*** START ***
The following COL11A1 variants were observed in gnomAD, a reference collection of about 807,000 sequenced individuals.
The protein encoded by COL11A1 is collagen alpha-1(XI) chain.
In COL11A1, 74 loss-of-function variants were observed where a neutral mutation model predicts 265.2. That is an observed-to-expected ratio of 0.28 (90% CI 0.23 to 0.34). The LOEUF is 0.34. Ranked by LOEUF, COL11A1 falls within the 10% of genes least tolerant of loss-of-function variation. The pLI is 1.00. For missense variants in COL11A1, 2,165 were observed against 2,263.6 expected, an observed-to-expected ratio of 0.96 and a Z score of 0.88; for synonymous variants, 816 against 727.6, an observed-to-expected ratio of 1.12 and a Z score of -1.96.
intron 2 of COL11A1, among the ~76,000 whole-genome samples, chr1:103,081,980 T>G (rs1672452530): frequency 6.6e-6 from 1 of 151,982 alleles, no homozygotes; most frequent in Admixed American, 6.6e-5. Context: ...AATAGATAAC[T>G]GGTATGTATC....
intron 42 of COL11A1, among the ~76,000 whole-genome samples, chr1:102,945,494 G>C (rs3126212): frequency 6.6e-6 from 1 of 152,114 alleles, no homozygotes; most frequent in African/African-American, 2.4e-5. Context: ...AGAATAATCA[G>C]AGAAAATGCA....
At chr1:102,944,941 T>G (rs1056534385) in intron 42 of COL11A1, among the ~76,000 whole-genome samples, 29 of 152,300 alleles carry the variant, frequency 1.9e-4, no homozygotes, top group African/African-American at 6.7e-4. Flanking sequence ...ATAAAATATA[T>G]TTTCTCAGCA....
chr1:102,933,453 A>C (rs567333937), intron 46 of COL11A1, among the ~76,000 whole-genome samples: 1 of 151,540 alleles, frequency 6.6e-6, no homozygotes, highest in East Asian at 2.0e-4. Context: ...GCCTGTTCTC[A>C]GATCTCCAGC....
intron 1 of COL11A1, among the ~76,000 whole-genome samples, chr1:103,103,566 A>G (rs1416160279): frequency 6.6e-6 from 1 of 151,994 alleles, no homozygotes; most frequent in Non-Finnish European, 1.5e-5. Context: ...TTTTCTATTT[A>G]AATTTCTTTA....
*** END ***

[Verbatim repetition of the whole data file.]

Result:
The following COL11A1 variants were observed in gnomAD, a reference collection of about 807,000 sequenced individuals.
The protein encoded by COL11A1 is collagen alpha-1(XI) chain.
In COL11A1, 74 loss-of-function variants were observed where a neutral mutation model predicts 265.2. That is an observed-to-expected ratio of 0.28 (90% CI 0.23 to 0.34). The LOEUF is 0.34. Ranked by LOEUF, COL11A1 falls within the 10% of genes least tolerant of loss-of-function variation. The pLI is 1.00. For missense variants in COL11A1, 2,165 were observed against 2,263.6 expected, an observed-to-expected ratio of 0.96 and a Z score of 0.88; for synonymous variants, 816 against 727.6, an observed-to-expected ratio of 1.12 and a Z score of -1.96.
intron 2 of COL11A1, among the ~76,000 whole-genome samples, chr1:103,081,980 T>G (rs1672452530): frequency 6.6e-6 from 1 of 151,982 alleles, no homozygotes; most frequent in Admixed American, 6.6e-5. Context: ...AATAGATAAC[T>G]GGTATGTATC....
intron 42 of COL11A1, among the ~76,000 whole-genome samples, chr1:102,945,494 G>C (rs3126212): frequency 6.6e-6 from 1 of 152,114 alleles, no homozygotes; most frequent in African/African-American, 2.4e-5. Context: ...AGAATAATCA[G>C]AGAAAATGCA....
At chr1:102,944,941 T>G (rs1056534385) in intron 42 of COL11A1, among the ~76,000 whole-genome samples, 29 of 152,300 alleles carry the variant, frequency 1.9e-4, no homozygotes, top group African/African-American at 6.7e-4. Flanking sequence ...ATAAAATATA[T>G]TTTCTCAGCA....
chr1:102,933,453 A>C (rs567333937), intron 46 of COL11A1, among the ~76,000 whole-genome samples: 1 of 151,540 alleles, frequency 6.6e-6, no homozygotes, highest in East Asian at 2.0e-4. Context: ...GCCTGTTCTC[A>C]GATCTCCAGC....
intron 1 of COL11A1, among the ~76,000 whole-genome samples, chr1:103,103,566 A>G (rs1416160279): frequency 6.6e-6 from 1 of 151,994 alleles, no homozygotes; most frequent in Non-Finnish European, 1.5e-5. Context: ...TTTTCTATTT[A>G]AATTTCTTTA....